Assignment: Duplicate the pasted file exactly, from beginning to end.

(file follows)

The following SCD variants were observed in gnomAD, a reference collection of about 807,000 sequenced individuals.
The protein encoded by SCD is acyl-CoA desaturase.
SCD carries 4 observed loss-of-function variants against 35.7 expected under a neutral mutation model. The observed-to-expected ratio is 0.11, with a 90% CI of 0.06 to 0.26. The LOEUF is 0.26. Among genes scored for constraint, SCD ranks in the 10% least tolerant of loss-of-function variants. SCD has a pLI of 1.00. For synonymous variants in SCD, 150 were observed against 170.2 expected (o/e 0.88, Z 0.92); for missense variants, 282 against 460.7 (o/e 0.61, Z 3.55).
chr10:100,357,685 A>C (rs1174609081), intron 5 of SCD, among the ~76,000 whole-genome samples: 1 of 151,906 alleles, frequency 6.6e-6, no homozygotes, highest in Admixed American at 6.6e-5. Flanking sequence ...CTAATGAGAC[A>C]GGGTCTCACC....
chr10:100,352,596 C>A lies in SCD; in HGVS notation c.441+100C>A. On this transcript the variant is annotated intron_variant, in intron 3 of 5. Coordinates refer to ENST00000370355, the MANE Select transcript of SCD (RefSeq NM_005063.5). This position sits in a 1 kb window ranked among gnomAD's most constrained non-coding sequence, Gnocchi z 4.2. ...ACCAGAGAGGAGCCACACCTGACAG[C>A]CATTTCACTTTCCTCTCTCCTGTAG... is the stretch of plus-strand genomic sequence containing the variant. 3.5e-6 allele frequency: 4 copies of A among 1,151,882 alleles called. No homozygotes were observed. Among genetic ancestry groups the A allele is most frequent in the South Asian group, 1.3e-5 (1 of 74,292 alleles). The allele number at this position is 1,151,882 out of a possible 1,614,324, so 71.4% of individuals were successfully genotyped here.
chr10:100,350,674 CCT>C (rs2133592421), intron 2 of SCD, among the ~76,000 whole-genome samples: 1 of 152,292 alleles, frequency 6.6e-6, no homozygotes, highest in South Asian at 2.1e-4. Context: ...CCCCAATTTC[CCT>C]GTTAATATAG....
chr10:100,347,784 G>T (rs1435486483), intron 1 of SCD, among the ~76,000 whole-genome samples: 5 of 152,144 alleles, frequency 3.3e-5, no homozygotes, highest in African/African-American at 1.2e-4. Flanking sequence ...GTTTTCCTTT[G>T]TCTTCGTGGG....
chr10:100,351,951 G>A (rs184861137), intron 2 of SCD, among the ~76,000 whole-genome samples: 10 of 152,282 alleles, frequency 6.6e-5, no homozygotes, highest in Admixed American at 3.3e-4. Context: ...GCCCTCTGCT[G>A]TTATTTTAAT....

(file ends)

The following SCD variants were observed in gnomAD, a reference collection of about 807,000 sequenced individuals.
The protein encoded by SCD is acyl-CoA desaturase.
SCD carries 4 observed loss-of-function variants against 35.7 expected under a neutral mutation model. The observed-to-expected ratio is 0.11, with a 90% CI of 0.06 to 0.26. The LOEUF is 0.26. Among genes scored for constraint, SCD ranks in the 10% least tolerant of loss-of-function variants. SCD has a pLI of 1.00. For synonymous variants in SCD, 150 were observed against 170.2 expected (o/e 0.88, Z 0.92); for missense variants, 282 against 460.7 (o/e 0.61, Z 3.55).
chr10:100,357,685 A>C (rs1174609081), intron 5 of SCD, among the ~76,000 whole-genome samples: 1 of 151,906 alleles, frequency 6.6e-6, no homozygotes, highest in Admixed American at 6.6e-5. Flanking sequence ...CTAATGAGAC[A>C]GGGTCTCACC....
chr10:100,352,596 C>A lies in SCD; in HGVS notation c.441+100C>A. On this transcript the variant is annotated intron_variant, in intron 3 of 5. Coordinates refer to ENST00000370355, the MANE Select transcript of SCD (RefSeq NM_005063.5). This position sits in a 1 kb window ranked among gnomAD's most constrained non-coding sequence, Gnocchi z 4.2. ...ACCAGAGAGGAGCCACACCTGACAG[C>A]CATTTCACTTTCCTCTCTCCTGTAG... is the stretch of plus-strand genomic sequence containing the variant. 3.5e-6 allele frequency: 4 copies of A among 1,151,882 alleles called. No homozygotes were observed. Among genetic ancestry groups the A allele is most frequent in the South Asian group, 1.3e-5 (1 of 74,292 alleles). The allele number at this position is 1,151,882 out of a possible 1,614,324, so 71.4% of individuals were successfully genotyped here.
chr10:100,350,674 CCT>C (rs2133592421), intron 2 of SCD, among the ~76,000 whole-genome samples: 1 of 152,292 alleles, frequency 6.6e-6, no homozygotes, highest in South Asian at 2.1e-4. Context: ...CCCCAATTTC[CCT>C]GTTAATATAG....
chr10:100,347,784 G>T (rs1435486483), intron 1 of SCD, among the ~76,000 whole-genome samples: 5 of 152,144 alleles, frequency 3.3e-5, no homozygotes, highest in African/African-American at 1.2e-4. Flanking sequence ...GTTTTCCTTT[G>T]TCTTCGTGGG....
chr10:100,351,951 G>A (rs184861137), intron 2 of SCD, among the ~76,000 whole-genome samples: 10 of 152,282 alleles, frequency 6.6e-5, no homozygotes, highest in Admixed American at 3.3e-4. Context: ...GCCCTCTGCT[G>A]TTATTTTAAT....